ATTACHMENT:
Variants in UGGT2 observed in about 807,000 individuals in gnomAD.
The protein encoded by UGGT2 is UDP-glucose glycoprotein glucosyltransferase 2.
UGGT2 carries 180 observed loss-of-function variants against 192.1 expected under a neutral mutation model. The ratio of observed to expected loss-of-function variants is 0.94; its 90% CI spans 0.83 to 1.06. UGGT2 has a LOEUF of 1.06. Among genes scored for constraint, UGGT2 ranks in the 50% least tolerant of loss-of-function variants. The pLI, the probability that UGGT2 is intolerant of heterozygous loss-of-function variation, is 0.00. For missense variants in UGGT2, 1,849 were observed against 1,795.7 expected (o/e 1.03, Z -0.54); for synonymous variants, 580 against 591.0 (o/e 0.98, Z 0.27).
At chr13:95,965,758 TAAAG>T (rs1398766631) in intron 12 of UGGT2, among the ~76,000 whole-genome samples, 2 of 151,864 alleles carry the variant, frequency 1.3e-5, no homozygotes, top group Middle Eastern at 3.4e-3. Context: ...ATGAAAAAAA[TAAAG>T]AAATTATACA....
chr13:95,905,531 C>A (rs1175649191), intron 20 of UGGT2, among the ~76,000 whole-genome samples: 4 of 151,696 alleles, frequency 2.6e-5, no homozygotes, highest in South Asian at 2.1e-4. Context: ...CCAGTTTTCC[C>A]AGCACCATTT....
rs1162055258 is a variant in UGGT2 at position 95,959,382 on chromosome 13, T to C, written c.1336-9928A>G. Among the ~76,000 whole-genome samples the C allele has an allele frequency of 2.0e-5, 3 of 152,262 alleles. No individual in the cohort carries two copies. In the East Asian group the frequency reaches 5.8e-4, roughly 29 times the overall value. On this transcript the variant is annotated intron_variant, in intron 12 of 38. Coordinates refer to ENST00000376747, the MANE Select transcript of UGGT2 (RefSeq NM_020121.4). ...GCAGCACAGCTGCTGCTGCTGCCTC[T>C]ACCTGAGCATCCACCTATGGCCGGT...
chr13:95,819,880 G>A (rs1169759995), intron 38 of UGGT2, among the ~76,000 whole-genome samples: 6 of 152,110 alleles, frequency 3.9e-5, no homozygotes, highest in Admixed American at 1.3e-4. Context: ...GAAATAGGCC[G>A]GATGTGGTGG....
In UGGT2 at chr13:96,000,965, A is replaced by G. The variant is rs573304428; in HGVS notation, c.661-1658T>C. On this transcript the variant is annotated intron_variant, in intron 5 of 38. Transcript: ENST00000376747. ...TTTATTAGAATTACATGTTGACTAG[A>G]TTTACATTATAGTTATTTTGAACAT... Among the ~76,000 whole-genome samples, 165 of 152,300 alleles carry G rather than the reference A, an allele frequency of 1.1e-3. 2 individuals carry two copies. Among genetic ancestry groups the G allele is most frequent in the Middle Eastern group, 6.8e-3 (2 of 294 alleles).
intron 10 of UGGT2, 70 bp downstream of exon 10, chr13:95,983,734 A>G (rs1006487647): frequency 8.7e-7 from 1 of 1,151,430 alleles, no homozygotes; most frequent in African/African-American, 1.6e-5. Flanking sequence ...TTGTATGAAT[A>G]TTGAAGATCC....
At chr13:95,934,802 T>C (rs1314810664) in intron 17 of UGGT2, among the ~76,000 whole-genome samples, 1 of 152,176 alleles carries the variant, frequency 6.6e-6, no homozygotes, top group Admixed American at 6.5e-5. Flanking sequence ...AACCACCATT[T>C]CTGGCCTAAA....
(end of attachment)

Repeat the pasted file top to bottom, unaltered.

Variants in UGGT2 observed in about 807,000 individuals in gnomAD.
The protein encoded by UGGT2 is UDP-glucose glycoprotein glucosyltransferase 2.
UGGT2 carries 180 observed loss-of-function variants against 192.1 expected under a neutral mutation model. The ratio of observed to expected loss-of-function variants is 0.94; its 90% CI spans 0.83 to 1.06. UGGT2 has a LOEUF of 1.06. Among genes scored for constraint, UGGT2 ranks in the 50% least tolerant of loss-of-function variants. The pLI, the probability that UGGT2 is intolerant of heterozygous loss-of-function variation, is 0.00. For missense variants in UGGT2, 1,849 were observed against 1,795.7 expected (o/e 1.03, Z -0.54); for synonymous variants, 580 against 591.0 (o/e 0.98, Z 0.27).
At chr13:95,965,758 TAAAG>T (rs1398766631) in intron 12 of UGGT2, among the ~76,000 whole-genome samples, 2 of 151,864 alleles carry the variant, frequency 1.3e-5, no homozygotes, top group Middle Eastern at 3.4e-3. Context: ...ATGAAAAAAA[TAAAG>T]AAATTATACA....
chr13:95,905,531 C>A (rs1175649191), intron 20 of UGGT2, among the ~76,000 whole-genome samples: 4 of 151,696 alleles, frequency 2.6e-5, no homozygotes, highest in South Asian at 2.1e-4. Context: ...CCAGTTTTCC[C>A]AGCACCATTT....
rs1162055258 is a variant in UGGT2 at position 95,959,382 on chromosome 13, T to C, written c.1336-9928A>G. Among the ~76,000 whole-genome samples the C allele has an allele frequency of 2.0e-5, 3 of 152,262 alleles. No individual in the cohort carries two copies. In the East Asian group the frequency reaches 5.8e-4, roughly 29 times the overall value. On this transcript the variant is annotated intron_variant, in intron 12 of 38. Coordinates refer to ENST00000376747, the MANE Select transcript of UGGT2 (RefSeq NM_020121.4). ...GCAGCACAGCTGCTGCTGCTGCCTC[T>C]ACCTGAGCATCCACCTATGGCCGGT...
chr13:95,819,880 G>A (rs1169759995), intron 38 of UGGT2, among the ~76,000 whole-genome samples: 6 of 152,110 alleles, frequency 3.9e-5, no homozygotes, highest in Admixed American at 1.3e-4. Context: ...GAAATAGGCC[G>A]GATGTGGTGG....
In UGGT2 at chr13:96,000,965, A is replaced by G. The variant is rs573304428; in HGVS notation, c.661-1658T>C. On this transcript the variant is annotated intron_variant, in intron 5 of 38. Transcript: ENST00000376747. ...TTTATTAGAATTACATGTTGACTAG[A>G]TTTACATTATAGTTATTTTGAACAT... Among the ~76,000 whole-genome samples, 165 of 152,300 alleles carry G rather than the reference A, an allele frequency of 1.1e-3. 2 individuals carry two copies. Among genetic ancestry groups the G allele is most frequent in the Middle Eastern group, 6.8e-3 (2 of 294 alleles).
intron 10 of UGGT2, 70 bp downstream of exon 10, chr13:95,983,734 A>G (rs1006487647): frequency 8.7e-7 from 1 of 1,151,430 alleles, no homozygotes; most frequent in African/African-American, 1.6e-5. Flanking sequence ...TTGTATGAAT[A>G]TTGAAGATCC....
At chr13:95,934,802 T>C (rs1314810664) in intron 17 of UGGT2, among the ~76,000 whole-genome samples, 1 of 152,176 alleles carries the variant, frequency 6.6e-6, no homozygotes, top group Admixed American at 6.5e-5. Flanking sequence ...AACCACCATT[T>C]CTGGCCTAAA....